Please note that tax, investment, pension and ISA rules can change and the information and any views contained in this article may now be inaccurate.
How do fixed-term annuities work?
Can you write an article explaining how fixed-term annuities work please? I’m 60 so feel like I don’t want to lock into an annuity quite yet, but I’m nervous about staying invested via drawdown.
I know you can’t give advice but can you explain the pros and cons?
Tom Selby AJ Bell Senior Analyst says:
Fixed-term annuities are a so-called ‘third-way’ retirement income product. They sit between traditional annuities, which require you to make a no-going-back commitment to convert your retirement pot into a guaranteed income for life, and drawdown, where your money remains invested and you take an income to suit your needs.
If you buy a fixed-term annuity, you will be able to choose how many years you would like to receive an income for and what lump sum you would like at the end of your term. Providers say investors usually choose terms of between five and 10 years.
To give you an idea of what you might get from a fixed-term product, I ran an example of a 60-year-old with a £100,000 fund buying a 10-year fixed-term annuity through the Money Advice Service annuity calculator. I assumed the person wanted a £50,000 lump sum on maturity.
The best quote available on 9 June 2020 was a £5,596 annual income over the 10-year term. While this compares favourably to a standard level annuity, which would buy a guaranteed income for life worth £4,204, it’s worth noting the returns you are getting are still pretty low.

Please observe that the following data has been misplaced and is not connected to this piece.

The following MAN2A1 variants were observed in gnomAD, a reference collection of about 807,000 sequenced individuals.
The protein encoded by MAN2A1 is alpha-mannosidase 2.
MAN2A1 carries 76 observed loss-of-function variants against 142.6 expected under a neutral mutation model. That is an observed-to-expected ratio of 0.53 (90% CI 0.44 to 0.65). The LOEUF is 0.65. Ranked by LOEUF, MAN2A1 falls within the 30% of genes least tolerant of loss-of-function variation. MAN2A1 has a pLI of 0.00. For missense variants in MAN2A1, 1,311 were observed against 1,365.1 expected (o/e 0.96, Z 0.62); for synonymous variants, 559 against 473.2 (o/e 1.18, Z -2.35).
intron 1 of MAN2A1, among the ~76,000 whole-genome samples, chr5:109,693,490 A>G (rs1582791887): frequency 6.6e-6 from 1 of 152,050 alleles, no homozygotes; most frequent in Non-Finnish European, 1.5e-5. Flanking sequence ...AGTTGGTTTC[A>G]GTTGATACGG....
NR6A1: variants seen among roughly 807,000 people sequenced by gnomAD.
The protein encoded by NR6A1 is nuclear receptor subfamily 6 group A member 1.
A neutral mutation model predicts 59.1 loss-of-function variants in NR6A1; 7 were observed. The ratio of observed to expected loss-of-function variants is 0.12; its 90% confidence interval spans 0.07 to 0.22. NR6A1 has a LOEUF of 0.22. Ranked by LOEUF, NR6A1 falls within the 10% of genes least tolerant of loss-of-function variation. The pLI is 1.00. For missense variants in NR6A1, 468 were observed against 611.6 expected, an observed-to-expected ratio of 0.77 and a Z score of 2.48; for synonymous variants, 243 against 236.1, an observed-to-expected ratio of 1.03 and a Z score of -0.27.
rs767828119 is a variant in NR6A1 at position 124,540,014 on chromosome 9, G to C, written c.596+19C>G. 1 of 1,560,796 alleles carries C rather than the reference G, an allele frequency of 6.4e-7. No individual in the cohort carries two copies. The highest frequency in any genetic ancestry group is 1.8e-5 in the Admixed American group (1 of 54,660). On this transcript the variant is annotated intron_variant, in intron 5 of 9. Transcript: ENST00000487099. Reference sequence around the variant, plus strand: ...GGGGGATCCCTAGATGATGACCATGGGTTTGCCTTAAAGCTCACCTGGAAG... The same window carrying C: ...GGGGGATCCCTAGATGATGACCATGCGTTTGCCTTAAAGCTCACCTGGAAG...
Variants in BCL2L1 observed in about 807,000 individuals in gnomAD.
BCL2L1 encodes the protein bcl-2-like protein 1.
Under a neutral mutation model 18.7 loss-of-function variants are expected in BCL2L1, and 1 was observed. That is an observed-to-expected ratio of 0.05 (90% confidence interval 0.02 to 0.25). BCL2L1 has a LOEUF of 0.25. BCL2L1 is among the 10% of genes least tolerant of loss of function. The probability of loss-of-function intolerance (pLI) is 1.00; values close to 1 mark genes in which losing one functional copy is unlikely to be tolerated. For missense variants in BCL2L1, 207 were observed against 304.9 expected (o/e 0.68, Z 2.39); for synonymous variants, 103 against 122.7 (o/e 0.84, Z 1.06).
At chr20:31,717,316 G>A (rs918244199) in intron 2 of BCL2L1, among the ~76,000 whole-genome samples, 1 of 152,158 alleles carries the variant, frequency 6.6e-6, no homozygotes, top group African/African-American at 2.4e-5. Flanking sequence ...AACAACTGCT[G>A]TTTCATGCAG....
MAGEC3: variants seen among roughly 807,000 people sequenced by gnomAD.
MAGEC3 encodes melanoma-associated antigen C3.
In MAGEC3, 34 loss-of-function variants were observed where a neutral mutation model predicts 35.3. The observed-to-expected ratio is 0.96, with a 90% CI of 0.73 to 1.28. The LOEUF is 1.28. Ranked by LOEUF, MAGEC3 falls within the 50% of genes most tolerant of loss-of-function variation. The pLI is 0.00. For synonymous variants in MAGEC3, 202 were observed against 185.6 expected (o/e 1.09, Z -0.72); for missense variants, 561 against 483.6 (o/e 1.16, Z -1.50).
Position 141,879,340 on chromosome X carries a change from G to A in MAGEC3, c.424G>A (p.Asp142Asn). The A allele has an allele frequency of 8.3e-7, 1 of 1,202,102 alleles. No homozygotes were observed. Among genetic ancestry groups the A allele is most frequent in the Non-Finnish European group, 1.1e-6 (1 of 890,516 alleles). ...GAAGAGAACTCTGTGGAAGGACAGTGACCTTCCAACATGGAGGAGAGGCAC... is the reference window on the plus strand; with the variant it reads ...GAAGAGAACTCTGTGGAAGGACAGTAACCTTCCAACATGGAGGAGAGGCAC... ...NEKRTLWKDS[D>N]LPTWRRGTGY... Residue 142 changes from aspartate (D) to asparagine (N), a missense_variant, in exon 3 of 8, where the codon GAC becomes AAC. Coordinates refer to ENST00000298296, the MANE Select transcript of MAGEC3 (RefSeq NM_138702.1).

Essentially, you’d have invested £100,000 at the outset and received £105,960 in total at the end of your 10-year term (£50,000 on maturity plus £55,960 in income).
That equates to a return of about 0.6% a year – roughly half the 1.16% annual interest rate you can currently get from the best easy-access cash account on the market, according to MoneySavingExpert. So if maximising your investment returns is a priority, it might be worth considering alternative routes.
If someone invested the same £100,000 in drawdown and enjoyed investment returns of 4% a year, for example, they could take an income of £7,700 over the same 10-year period and have a lump sum worth almost £52,000 at the end. However, investment returns are not guaranteed and your fund value could go down as well as up.
The main advantage of fixed-term annuities cited by providers is that the product offers the certainty of an annuity without committing your entire fund for life. This means if annuity rates improve or your health circumstances change, you might be able to get a better deal on a lifetime annuity at the end of your fixed term.
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Please note, we only provide information and we do not provide financial advice. If you’re unsure please consult a suitably qualified financial adviser. We cannot comment on individual investment portfolios.